I was born in Crete, Greece and raised in Maryland, USA, on a beautiful, 86-acre, off-the-grid homestead. My parents, products of the hippie era, were inspired by the simple, self-sufficient lives of the Cretan villagers, and we had no electricity or indoor plumbing in the hand-hewn house where I grew up. Instead of a TV, we had a trapeze in the living room. It was a paradise for kids, and I grew up with an innate love of nature and a keen sense of responsibility for the health of our Mother Earth. My parents strove to awaken in us an awareness of the effects of our actions and to provide us with an alternative to the modern lifestyle of rampant consumptive greed. They supplemented our public school education with frequent journeys overseas, and by the time I was 18, our family of four had toured nearly 25 countries, mostly on tandem bicycle.

As an adult, I continued to travel widely and for longer periods, eventually spending nearly seven years in India and Nepal studying the Tibetan language and practicing Buddhism. Before long, as hormones would have it, I fell in love and married into another culture, another race, another language, another dimension. Tsultrim and I come from wildly different worlds—he a monk from a tiny village in Tibet, I the product of an American subculture of left-winged eco-hippies. We were married in 2003, first on the black market in Nepal and later in our flower garden in Maryland. During eight tumultuous years of marriage, we have made nearly that many moves across the planet, from my country to his and back again, one of us always suffering from culture shock and social isolation. The learning curve has been, and continues to be, incredibly steep. Yet for some reason—no doubt our stubborn Taurean personalities and a fat load of karma—we’re still together, still laughing.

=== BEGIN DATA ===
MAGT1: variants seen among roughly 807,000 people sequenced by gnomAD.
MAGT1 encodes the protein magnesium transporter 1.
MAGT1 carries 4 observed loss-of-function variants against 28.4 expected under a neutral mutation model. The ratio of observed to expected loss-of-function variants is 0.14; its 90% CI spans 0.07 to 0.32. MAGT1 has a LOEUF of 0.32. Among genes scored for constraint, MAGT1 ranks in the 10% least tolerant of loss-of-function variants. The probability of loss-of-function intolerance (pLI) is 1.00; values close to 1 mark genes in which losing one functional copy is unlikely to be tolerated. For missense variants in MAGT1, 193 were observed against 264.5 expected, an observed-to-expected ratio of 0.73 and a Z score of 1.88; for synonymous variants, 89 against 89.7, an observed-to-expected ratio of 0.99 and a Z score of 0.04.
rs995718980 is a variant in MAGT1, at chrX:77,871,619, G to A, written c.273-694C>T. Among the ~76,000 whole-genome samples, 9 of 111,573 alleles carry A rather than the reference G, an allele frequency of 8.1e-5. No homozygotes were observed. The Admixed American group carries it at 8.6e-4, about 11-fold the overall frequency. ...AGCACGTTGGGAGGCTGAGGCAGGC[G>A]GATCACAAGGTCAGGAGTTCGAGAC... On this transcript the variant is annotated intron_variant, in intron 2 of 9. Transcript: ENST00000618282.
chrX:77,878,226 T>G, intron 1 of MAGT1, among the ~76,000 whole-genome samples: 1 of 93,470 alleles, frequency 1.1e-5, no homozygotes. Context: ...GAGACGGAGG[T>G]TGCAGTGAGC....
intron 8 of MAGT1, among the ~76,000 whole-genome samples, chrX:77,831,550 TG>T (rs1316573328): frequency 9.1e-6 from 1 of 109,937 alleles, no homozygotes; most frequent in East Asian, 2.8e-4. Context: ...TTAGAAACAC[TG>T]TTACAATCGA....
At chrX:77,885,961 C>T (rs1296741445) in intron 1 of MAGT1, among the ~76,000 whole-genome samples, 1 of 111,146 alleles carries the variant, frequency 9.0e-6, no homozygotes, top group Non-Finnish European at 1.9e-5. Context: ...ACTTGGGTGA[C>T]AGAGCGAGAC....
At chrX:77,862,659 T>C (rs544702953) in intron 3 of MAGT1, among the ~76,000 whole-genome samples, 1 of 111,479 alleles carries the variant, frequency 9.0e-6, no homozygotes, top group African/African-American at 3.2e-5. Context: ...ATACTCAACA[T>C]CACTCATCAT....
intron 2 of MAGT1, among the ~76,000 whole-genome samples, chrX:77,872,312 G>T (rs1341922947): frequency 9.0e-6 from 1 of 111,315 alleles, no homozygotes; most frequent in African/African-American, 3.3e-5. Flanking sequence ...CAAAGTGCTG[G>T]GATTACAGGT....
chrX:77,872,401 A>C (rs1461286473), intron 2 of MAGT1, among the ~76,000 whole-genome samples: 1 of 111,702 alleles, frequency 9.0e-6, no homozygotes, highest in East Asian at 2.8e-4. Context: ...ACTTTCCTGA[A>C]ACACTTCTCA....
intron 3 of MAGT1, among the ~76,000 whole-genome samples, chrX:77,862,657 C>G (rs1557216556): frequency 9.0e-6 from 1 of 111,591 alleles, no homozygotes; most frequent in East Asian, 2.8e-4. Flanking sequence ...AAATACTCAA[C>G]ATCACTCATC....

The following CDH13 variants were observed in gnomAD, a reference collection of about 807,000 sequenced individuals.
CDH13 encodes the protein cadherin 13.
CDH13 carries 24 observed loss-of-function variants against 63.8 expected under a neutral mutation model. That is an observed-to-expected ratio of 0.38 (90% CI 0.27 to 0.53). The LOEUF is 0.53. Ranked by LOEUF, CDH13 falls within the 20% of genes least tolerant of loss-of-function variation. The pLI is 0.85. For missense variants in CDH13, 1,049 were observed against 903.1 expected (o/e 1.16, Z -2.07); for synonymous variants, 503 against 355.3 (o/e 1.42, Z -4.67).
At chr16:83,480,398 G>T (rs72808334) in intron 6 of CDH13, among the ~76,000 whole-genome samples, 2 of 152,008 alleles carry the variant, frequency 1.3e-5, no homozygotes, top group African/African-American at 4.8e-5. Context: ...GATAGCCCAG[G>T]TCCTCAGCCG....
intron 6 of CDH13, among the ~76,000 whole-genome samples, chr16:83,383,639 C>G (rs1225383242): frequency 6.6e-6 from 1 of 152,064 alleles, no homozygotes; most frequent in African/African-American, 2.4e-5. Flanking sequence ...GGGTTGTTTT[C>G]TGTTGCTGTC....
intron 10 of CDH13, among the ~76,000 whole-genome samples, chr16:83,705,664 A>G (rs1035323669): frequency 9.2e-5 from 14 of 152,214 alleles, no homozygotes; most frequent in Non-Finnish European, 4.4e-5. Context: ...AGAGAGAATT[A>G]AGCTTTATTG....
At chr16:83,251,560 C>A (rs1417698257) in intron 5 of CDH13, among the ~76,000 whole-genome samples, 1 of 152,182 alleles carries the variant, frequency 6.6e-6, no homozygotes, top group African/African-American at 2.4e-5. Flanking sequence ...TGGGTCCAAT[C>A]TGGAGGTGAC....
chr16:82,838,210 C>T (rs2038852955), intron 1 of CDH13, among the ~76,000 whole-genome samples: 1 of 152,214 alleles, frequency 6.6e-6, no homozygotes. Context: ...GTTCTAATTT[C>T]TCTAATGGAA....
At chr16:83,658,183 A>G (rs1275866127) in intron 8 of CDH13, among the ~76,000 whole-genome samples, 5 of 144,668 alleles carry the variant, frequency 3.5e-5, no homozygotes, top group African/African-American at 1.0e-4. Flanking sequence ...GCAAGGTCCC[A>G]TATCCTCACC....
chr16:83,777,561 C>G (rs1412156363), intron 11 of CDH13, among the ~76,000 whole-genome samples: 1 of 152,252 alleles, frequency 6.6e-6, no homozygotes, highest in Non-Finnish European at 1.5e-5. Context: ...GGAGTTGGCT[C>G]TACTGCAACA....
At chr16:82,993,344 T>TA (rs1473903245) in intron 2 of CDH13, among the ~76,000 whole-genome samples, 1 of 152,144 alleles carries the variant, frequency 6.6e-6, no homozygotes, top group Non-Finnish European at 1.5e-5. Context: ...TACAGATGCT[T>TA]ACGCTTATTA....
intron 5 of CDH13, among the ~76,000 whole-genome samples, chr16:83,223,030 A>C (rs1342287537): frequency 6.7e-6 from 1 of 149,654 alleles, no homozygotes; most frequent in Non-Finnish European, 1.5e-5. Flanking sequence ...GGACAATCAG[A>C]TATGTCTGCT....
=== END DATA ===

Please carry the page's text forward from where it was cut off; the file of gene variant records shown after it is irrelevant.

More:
Along the way, we have been blessed with two gorgeous kids—our daughter Clara, aged 4 ½, and our son Tashi, aged 17 months. Admittedly, part of the reason I wanted to have a second child was to give our first-born a companion, someone who would truly appreciate the complexity of her multi-racial, multi-cultural, multi-lingual situation. I worried that she would be friendless and alone in her ever-shifting world, with no one to share the long airplane rides, discuss her weird parents, or understand who she really was.